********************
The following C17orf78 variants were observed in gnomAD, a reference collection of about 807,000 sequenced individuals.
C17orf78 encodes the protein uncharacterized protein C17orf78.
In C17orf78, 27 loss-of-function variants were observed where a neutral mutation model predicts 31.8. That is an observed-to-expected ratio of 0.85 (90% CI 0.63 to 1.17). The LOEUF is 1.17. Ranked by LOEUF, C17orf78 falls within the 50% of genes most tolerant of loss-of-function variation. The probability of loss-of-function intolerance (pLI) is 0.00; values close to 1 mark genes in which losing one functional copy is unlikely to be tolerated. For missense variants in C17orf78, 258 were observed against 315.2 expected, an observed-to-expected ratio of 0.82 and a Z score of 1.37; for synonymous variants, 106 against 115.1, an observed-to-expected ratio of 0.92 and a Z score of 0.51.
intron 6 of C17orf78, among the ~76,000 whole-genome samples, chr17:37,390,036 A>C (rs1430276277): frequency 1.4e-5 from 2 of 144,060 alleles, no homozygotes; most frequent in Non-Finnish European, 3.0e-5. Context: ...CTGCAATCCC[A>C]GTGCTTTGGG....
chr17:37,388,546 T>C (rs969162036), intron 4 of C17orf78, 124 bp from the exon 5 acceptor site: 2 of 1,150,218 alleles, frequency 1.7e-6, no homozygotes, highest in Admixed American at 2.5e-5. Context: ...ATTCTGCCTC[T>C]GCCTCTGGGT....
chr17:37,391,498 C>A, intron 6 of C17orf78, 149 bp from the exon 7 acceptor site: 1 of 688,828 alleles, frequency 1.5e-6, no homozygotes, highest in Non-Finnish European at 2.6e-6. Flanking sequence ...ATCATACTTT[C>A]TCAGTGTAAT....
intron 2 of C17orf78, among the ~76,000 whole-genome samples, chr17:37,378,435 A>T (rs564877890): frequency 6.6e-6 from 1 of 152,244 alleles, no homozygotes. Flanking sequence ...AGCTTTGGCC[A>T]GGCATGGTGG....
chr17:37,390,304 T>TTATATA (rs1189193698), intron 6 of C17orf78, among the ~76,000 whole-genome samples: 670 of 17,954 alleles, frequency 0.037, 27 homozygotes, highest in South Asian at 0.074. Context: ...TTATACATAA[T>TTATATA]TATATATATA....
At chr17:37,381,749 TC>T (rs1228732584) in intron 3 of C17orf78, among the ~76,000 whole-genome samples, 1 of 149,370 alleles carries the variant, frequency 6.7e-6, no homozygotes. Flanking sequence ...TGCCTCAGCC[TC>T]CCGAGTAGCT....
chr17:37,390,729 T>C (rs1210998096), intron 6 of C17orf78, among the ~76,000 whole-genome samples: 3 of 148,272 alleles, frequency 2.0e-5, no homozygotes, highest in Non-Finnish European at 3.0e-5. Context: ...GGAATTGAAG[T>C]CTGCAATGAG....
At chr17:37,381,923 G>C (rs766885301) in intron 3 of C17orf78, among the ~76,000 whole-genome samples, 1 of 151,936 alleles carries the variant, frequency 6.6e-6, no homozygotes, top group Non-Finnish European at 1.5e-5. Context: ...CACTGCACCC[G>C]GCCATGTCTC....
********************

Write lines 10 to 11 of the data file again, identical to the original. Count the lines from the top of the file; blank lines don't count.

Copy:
chr17:37,390,729 T>C (rs1210998096), intron 6 of C17orf78, among the ~76,000 whole-genome samples: 3 of 148,272 alleles, frequency 2.0e-5, no homozygotes, highest in Non-Finnish European at 3.0e-5. Context: ...GGAATTGAAG[T>C]CTGCAATGAG....
At chr17:37,381,923 G>C (rs766885301) in intron 3 of C17orf78, among the ~76,000 whole-genome samples, 1 of 151,936 alleles carries the variant, frequency 6.6e-6, no homozygotes, top group Non-Finnish European at 1.5e-5. Context: ...CACTGCACCC[G>C]GCCATGTCTC....